Data Architecture of Branchless Banking
The series aims to explore the landscape of supply and demand-side data gathering efforts with the related goals of (i) identifying gaps in the data architecture; (ii) moving toward consensus – where it makes sense – on the correct indicators and methodologies to track progress and understand client value; and (iii) developing a common agenda for data collection and measurement as the branchless banking and mobile money industry continues to mature and improve. The series coincides with the recent release of the data by the IMF collected through its Financial Access Survey (FAS) and will include contributions from the Bill and Melinda Gates Foundation, CGAP, GSMA, Intermedia, MIX and UNCDF. We hope to also gather the perspectives of other members of the field through discussion on the blog.
How can we build a framework for a data architecture on the branchless banking industry?
The GSMA Mobile Money for the Unbanked programme (MMU) has been following the growth of the industry for the past few years using its Deployment Tracker which monitors the number of live and planned mobile money services for the unbanked.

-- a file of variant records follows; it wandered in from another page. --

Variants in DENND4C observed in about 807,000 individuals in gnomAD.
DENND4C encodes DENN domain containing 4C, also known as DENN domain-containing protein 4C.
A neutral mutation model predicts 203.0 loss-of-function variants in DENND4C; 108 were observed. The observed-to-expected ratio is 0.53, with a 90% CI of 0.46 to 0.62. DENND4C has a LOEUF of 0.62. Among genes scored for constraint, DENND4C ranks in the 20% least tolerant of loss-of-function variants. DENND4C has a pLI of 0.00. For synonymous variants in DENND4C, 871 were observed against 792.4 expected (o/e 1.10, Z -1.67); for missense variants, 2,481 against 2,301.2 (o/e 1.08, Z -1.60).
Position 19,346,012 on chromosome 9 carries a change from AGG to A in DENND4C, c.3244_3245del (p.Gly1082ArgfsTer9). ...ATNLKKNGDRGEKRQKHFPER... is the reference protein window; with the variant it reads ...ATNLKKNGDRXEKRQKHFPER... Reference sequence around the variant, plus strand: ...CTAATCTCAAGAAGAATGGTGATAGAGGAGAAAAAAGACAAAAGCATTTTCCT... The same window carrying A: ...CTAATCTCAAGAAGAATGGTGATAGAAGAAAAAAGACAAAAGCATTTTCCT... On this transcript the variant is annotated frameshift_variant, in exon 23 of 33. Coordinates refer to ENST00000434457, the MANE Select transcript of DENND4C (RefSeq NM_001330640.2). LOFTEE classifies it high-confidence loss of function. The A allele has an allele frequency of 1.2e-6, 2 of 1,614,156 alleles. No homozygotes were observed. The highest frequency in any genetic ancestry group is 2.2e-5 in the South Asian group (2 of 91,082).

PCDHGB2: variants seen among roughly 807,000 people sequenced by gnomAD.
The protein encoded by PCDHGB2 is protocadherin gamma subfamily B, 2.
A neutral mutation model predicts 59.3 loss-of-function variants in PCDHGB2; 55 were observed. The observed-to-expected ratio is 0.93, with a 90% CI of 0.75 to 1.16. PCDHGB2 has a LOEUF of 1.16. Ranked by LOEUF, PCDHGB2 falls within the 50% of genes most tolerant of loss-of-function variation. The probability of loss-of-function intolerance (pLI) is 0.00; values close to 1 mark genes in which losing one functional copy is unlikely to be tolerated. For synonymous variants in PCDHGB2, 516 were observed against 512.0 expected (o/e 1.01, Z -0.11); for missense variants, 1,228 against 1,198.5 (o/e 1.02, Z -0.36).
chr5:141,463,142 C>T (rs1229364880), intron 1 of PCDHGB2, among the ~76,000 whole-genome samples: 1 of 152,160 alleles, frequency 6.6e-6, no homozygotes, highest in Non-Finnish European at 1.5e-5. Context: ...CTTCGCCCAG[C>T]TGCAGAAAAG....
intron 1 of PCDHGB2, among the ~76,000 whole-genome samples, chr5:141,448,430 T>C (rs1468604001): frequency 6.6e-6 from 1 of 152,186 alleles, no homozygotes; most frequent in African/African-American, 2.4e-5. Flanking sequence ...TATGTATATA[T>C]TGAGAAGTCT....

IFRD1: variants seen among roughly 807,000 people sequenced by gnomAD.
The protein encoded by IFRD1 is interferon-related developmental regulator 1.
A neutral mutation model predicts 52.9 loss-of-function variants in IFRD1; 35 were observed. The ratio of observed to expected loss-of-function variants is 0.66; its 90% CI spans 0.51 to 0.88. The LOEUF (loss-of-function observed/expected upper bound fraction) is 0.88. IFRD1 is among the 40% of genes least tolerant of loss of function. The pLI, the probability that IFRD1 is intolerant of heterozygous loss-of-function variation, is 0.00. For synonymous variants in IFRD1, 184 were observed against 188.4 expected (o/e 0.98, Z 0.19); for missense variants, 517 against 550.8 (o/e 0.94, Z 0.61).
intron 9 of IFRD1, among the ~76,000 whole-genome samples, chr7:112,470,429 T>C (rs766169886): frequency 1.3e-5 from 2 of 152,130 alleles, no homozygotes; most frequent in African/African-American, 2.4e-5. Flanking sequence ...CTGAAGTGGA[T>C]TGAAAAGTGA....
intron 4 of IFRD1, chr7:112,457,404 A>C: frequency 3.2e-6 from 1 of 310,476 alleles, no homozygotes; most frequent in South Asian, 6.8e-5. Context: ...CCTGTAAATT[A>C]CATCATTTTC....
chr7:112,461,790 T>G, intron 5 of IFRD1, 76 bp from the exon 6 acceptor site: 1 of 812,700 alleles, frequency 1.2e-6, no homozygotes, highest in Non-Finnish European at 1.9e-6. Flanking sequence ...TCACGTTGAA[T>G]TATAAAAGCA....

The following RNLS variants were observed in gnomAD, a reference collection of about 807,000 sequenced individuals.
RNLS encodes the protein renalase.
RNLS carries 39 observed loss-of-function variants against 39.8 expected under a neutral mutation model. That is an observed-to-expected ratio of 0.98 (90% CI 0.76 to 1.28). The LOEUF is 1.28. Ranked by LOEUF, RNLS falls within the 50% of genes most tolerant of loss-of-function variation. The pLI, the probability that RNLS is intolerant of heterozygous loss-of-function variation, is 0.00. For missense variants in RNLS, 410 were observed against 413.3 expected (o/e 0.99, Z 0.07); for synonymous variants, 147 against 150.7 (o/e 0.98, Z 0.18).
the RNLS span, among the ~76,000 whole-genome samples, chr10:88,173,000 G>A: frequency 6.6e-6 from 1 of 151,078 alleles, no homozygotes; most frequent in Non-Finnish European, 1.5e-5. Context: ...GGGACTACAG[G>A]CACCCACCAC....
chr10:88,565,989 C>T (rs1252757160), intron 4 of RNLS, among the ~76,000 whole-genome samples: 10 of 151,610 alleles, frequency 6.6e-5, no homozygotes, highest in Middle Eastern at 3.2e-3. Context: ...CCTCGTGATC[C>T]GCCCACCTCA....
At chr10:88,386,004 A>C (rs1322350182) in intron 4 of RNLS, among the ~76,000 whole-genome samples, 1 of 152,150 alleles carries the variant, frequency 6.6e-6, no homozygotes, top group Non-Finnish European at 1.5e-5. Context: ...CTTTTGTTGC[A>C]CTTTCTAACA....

There are at least four lessons that branchless banking stakeholders can take from the MFI experience when it comes to reporting standards.
The second post in our series described the importance of demand-side data for understanding consumers and their financial habits and needs. Various organizations are contributing to the global pool of demand-side data in branchless banking and in this post we’ll focus on two of the main sources. The Financial Inclusion Tracking Surveys (FITS) are annual household panel surveys in Uganda, Tanzania, and Pakistan while the Tanzania Mobile Money Tracker Study (TMMT) uses quarterly surveys to track market trends. Both are being carried out by InterMedia and the Bill & Melinda Gates Foundation. In this post, we’ll highlight some of the analysis on rural and urban households to demonstrate the actionable insights that can be gathered from such datasets.
The second post in a series on the emerging branchless banking data architecture focuses on the demand side of the data equation and attempts to answer questions such as: which clients are using which products for which purpose? What aspects of a service are they satisfied or dissatisfied with? And, perhaps most importantly, is the service having a positive impact on their general well-being?